WASp and WAVE Proteins: From Structure, Through Function, to Clinical Aspects
|Barak Reicher#, Orly Perl#, Omri Matalon and Mira Barda-Saad*|
|The Mina and Everard Goodman Faculty of Life Sciences, Bar-Ilan University, Ramat-Gan 52900, Israel|
|#These authors contributed equally to this review.|
|Corresponding Author :||Mira Barda-Saad
The Mina and Everard Goodman Faculty of Life Sciences
Bar-Ilan University, Ramat-Gan 52900, Israel
E-mail: [email protected]
|Received July 19, 2012; Accepted August 29, 2012; Published September 05, 2012|
|Citation: Reicher B, Perl O, Matalon O, Barda-Saad M (2012) WASp and WAVE Proteins: From Structure, Through Function, to Clinical Aspects. J Clin Cell Immunol S12:001. doi:10.4172/2155-9899.S12-001|
|Copyright: © 2012 Reicher B, et al. This is an open-access article distributed under the terms of the Creative Commons Attribution License, which permits unrestricted use, distribution, and reproduction in any medium, provided the original author and source are credited.|
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T cells play a pivotal role in adoptive immunity, both in cell mediated cytotoxicity and in the activation of the humoral immune response. In order to perform their effector function, T cells undergo dramatic morphological changes upon activation. These changes enable their binding to and extravasation through the vascular endothelium into the neighboring tissue, the formation of an immunological synapse (IS) with an antigen-presenting cell (APC), and subsequently, the polarized secretion of cytokines and/or cytolytic granules, leading to the execution of effector functions.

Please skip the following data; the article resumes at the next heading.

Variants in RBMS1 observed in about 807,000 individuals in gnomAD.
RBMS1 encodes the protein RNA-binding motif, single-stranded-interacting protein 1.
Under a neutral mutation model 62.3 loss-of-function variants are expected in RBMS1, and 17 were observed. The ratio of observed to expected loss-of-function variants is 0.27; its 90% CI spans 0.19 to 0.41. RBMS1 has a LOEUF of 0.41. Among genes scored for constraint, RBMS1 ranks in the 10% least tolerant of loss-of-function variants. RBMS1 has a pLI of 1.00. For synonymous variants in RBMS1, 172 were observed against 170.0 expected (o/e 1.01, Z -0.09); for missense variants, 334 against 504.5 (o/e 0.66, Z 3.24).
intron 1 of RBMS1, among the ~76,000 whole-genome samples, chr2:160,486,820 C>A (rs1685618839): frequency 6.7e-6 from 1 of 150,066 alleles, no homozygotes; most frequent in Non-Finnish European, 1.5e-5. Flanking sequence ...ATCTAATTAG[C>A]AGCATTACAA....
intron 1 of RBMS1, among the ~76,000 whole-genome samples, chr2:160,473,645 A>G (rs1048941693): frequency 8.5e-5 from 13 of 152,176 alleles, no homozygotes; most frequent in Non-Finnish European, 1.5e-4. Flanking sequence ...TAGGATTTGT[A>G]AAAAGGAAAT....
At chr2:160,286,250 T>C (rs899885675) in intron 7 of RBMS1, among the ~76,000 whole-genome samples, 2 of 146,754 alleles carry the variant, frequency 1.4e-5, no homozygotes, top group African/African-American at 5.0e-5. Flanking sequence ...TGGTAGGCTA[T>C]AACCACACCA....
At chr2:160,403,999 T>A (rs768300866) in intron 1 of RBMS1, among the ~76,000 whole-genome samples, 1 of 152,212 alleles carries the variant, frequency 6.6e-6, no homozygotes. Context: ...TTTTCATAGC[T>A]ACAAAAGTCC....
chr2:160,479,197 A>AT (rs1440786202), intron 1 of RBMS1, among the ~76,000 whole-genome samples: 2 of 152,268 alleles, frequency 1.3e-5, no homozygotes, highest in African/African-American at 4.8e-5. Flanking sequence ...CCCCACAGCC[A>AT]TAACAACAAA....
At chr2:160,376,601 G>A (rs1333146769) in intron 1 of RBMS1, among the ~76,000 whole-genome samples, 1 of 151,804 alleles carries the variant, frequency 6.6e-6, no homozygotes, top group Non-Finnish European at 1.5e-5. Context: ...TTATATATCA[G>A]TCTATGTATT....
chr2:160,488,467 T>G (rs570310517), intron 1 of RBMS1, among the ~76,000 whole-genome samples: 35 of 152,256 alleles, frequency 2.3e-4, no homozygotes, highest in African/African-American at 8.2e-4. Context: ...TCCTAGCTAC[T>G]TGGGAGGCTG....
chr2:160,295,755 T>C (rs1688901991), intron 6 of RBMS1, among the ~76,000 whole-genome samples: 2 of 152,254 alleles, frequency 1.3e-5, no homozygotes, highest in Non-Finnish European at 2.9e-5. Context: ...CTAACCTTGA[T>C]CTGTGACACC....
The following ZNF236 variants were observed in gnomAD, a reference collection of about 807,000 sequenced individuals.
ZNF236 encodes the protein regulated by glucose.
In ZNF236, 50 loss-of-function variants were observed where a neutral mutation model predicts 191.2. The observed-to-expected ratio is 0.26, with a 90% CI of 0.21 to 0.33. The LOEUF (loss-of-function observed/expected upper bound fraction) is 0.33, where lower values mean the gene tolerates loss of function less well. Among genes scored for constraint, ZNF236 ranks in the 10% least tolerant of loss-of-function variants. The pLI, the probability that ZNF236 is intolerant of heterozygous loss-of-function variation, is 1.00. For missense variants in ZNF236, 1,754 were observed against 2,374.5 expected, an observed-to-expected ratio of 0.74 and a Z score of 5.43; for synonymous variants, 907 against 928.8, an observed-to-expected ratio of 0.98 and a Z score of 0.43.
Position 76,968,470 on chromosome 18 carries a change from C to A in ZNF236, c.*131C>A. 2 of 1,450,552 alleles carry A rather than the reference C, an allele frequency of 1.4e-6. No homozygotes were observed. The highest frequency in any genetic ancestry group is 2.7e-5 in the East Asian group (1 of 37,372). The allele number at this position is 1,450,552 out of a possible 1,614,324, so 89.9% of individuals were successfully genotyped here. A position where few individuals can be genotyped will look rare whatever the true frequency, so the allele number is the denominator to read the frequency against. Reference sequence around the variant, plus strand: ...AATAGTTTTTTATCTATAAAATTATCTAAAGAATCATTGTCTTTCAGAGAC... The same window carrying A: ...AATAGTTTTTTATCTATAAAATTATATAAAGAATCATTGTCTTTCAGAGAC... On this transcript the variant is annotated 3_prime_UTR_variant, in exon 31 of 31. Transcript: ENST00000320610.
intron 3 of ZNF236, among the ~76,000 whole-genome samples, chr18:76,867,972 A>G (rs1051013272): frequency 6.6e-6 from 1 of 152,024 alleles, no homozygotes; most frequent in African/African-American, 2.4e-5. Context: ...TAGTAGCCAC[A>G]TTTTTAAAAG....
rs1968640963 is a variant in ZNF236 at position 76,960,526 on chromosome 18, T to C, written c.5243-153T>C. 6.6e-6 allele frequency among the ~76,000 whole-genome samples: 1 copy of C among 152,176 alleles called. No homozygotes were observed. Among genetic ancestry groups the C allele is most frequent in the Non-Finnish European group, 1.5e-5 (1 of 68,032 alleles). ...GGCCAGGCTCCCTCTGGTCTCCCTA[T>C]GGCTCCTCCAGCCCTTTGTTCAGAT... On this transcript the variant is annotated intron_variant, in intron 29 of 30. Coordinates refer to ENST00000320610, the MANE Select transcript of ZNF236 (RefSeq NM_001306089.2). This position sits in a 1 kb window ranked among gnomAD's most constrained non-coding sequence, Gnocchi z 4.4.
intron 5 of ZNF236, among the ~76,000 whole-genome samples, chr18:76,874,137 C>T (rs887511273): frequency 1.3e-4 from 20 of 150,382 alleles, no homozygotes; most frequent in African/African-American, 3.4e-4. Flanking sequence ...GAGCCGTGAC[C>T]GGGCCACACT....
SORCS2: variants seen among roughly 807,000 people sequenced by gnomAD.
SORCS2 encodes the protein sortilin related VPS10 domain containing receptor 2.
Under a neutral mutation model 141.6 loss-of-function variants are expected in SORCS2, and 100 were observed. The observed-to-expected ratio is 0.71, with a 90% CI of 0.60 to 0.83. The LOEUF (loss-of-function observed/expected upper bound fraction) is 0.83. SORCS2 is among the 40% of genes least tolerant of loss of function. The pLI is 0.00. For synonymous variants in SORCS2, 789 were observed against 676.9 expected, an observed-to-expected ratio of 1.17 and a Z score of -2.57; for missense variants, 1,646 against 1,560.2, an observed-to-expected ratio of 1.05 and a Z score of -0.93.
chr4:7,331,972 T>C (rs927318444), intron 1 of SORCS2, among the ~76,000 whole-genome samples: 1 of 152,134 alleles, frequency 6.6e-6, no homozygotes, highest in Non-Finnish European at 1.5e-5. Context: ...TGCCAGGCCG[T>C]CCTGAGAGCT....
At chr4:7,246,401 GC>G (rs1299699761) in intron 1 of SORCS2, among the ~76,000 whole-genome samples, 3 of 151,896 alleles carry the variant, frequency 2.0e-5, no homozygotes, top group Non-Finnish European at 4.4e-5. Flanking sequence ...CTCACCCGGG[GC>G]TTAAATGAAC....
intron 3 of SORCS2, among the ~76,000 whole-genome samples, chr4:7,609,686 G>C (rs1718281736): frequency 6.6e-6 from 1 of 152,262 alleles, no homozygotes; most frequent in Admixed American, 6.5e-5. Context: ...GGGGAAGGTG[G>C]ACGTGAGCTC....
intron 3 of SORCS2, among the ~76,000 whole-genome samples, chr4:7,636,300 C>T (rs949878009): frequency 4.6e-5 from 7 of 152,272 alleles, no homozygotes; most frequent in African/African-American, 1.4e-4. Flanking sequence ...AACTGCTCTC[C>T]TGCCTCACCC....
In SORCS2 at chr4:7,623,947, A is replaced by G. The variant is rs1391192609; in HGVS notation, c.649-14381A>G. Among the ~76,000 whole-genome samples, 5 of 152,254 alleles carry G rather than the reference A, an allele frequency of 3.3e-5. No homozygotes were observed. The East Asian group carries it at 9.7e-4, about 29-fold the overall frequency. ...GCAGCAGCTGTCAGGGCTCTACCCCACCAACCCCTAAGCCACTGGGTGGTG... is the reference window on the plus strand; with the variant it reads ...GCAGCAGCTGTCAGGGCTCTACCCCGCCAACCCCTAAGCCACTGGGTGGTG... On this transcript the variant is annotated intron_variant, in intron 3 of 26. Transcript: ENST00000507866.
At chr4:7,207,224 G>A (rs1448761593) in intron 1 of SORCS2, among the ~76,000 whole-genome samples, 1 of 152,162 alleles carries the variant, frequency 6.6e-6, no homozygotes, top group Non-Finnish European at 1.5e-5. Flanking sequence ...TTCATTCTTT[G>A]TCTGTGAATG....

The actin cytoskeleton is directly involved in all these processes. Thus, it is crucial for T cell mediated immune responses, providing a dynamic and flexible platform for signal transduction, cellular and subcellular remodeling, and for driving effector functions. The actin-regulatory proteins, Wiskott-Aldrich syndrome protein (WASp) and WASp family Verprolin-homologous protein (WAVE) play key roles in T cell biology. In this review, we will focus on these two proteins, describing their structure, recruitment, activation and function. Finally, we will address pathological aspects related to defects in these actin regulators.